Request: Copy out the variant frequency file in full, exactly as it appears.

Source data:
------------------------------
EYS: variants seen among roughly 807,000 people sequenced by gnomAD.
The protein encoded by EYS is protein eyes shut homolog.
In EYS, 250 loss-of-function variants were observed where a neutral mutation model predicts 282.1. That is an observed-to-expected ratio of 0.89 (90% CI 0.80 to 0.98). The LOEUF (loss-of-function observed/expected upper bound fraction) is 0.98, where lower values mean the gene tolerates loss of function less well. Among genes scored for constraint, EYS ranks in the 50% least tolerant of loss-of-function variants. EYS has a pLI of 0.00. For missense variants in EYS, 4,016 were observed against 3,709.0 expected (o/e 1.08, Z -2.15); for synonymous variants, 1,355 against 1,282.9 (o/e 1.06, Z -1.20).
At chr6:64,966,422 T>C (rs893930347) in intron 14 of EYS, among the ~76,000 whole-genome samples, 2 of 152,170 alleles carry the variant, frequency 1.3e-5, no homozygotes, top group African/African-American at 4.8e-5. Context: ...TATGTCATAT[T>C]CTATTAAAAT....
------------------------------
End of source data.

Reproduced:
EYS: variants seen among roughly 807,000 people sequenced by gnomAD.
The protein encoded by EYS is protein eyes shut homolog.
In EYS, 250 loss-of-function variants were observed where a neutral mutation model predicts 282.1. That is an observed-to-expected ratio of 0.89 (90% CI 0.80 to 0.98). The LOEUF (loss-of-function observed/expected upper bound fraction) is 0.98, where lower values mean the gene tolerates loss of function less well. Among genes scored for constraint, EYS ranks in the 50% least tolerant of loss-of-function variants. EYS has a pLI of 0.00. For missense variants in EYS, 4,016 were observed against 3,709.0 expected (o/e 1.08, Z -2.15); for synonymous variants, 1,355 against 1,282.9 (o/e 1.06, Z -1.20).
At chr6:64,966,422 T>C (rs893930347) in intron 14 of EYS, among the ~76,000 whole-genome samples, 2 of 152,170 alleles carry the variant, frequency 1.3e-5, no homozygotes, top group African/African-American at 4.8e-5. Context: ...TATGTCATAT[T>C]CTATTAAAAT....